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How to sing Soundgarden greatest hits and songs

How To Sing Soundgarden Greatest Hits and Songs

Chris Cornell’s voice was a great motivation behind my desire to develop my singing voice many years ago, and learning how to sing like Chris Cornell has been a process, or continual re-education, practice, perseverance and coordination. Growing up in the age of Soundgarden, Pearl Jam and Alice in Chains now seems like a blessing since I have become a singer because I was introduced to so many of the great singers at the time through their heavy rotation on MTV. Known for his extensive range, piercing delivery and balls-to-the-wall vocal delivery, Chris Cornell’s singing with Soundgarden still blows my mind and takes a serious warmup and serious pipes to achieve anything close.

This tutorial will show you how to sing soundgarden greatest hits and songs, along with tunes by Temple of the dog and of course we all know Chris Cornell as the Audioslave Singer later in his career – the best Chris Cornell albums are spread althroughout his career from Temple of the Dog and Soundgarden through to his final solo record Higher Truth.

Chris Cornell’s Voice was extensive in range, powerfully piercing in delivery and totally unique in style. If there’s ever a Chris Cornell biography, I imagine it will simply read “Monster pipes, crazy range” due to the height at which Chris Cornell could sing seemingly without effort while possessing unearthly power and an earth shattering tone. If there was ever a singing or vocal technique award ceremony, the top award would simply be called the “Chris Cornell Best Voice of the 90’s” trophy.

Chris Cornell Voice Type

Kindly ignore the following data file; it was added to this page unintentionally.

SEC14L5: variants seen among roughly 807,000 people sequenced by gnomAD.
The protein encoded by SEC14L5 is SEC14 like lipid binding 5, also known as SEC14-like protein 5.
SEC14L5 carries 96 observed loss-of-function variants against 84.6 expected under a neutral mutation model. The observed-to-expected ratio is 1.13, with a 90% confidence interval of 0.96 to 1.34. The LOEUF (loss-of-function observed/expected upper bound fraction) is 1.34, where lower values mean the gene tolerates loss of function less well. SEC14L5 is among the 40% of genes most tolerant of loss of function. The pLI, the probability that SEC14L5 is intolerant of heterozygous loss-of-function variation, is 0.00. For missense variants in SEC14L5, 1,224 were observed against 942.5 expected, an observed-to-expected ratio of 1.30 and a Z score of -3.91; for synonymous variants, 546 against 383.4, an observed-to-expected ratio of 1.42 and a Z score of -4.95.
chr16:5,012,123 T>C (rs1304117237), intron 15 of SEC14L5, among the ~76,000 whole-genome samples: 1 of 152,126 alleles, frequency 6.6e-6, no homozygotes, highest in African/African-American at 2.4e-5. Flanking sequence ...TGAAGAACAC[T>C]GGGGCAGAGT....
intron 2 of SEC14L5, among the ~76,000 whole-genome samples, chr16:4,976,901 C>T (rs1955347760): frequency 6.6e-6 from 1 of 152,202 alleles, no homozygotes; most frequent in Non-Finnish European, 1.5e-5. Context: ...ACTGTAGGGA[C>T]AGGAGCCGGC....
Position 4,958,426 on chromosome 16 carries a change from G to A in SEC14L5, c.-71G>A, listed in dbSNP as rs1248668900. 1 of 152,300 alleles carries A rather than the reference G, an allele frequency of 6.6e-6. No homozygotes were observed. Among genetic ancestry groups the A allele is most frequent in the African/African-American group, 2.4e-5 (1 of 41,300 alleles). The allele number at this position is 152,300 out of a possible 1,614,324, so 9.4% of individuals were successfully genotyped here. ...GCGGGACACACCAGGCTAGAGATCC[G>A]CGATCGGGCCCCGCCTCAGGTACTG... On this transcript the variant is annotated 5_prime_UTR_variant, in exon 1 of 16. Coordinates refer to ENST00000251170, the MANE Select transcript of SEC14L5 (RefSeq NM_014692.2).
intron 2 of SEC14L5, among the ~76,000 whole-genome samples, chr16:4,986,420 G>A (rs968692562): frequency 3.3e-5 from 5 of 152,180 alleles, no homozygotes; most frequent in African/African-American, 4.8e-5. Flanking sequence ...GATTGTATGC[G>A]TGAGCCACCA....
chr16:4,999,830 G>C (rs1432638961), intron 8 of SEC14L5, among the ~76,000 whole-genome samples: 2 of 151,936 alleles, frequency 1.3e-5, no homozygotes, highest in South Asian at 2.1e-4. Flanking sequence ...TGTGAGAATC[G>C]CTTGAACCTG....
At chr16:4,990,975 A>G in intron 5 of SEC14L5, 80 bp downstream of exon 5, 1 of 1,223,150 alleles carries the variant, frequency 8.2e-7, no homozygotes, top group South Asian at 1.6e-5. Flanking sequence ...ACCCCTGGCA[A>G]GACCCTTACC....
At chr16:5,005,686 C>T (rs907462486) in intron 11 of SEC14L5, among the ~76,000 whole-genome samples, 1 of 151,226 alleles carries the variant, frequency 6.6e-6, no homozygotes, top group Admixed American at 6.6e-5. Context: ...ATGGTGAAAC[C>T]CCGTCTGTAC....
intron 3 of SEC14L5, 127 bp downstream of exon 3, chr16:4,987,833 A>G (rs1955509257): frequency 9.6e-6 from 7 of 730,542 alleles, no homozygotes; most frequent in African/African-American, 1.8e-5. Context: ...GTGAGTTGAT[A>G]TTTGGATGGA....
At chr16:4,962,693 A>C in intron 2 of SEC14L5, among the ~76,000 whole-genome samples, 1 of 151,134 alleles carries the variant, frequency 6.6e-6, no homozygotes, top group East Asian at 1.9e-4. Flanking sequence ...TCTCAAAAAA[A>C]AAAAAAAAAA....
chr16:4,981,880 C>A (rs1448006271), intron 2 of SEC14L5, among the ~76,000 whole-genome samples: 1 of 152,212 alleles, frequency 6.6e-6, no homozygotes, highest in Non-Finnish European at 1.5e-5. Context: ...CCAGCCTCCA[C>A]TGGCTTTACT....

Contrary to the searing heights in which Chris Cornell was able to sing, especially in Soundgarden greatest hits and songs from his younger days, Chris Cornell’s Voice type was actually a baritone, a considerably low male voice type. The Chris Cornell Vocal range stems from low in the 2nd Octave well up to the top of the 5th with ease. If you wish to learn how to sing like Chris Cornell, it’s important that you understand Chris’ high range wasn’t a products of pushing and straining, in fact, and was the result of an extensively develop vocal range with a finely tuned resonance that could skip from one resonator to the next without the slightest drop in power or finesse.




As a professional voice coach, I’m often asked how Chris Cornell could belt so high as a baritone – when in essence, the answer is in the question itself, sure, Chris Cornell COULD belt very high, but this wasn’t WHY he could hit his high range with such intensity, it was simply in addition to his powerful high range. Learning how to support your voice properly while tuning your resonance with the right vowel sounds is the key to building a high range as powerful as the Chris Cornell vocal range.

Chris Cornell Soundgarden

In Chris Cornell’s younger days as Soundgarden’s singer, main songwriter, guitarist and of course frontman, Chris Cornell’s voice was piercingly powerful and extensive in range. From the extremes of Beyond the Wheel and Jesus Chris Pose to the lows of Attrition and 4th of July, Chris Cornell songs with Soundgarden often showed the lengths and depths of Chris Cornell’s range and Chris Cornell’s voice type, from a natural low baritone to a soaring and extensive Tenor range.

One of the keys to learning how to sing like Chris Cornell, especially Chris Cornell soundgarden era, is to understand that his grit and distortion was a vocal effect laid on top of his extensive and powerful range, not because of. The first thing you need to do if you wish to learn how to sing like Chris Cornell is build a strong foundation, extend your range through use of your middle or MIX register, tune your vowels properly and of course release strain as you ascend. From this point you can then develop a healthy approach to grit and distortion that doesn’t involve overdrive or pushing in any manner – grit is simply an overtone created by your voice that resonates in a decayed way, and if you’re pushing, you’re simply not singing correctly.

Chris Cornell Temple of the Dog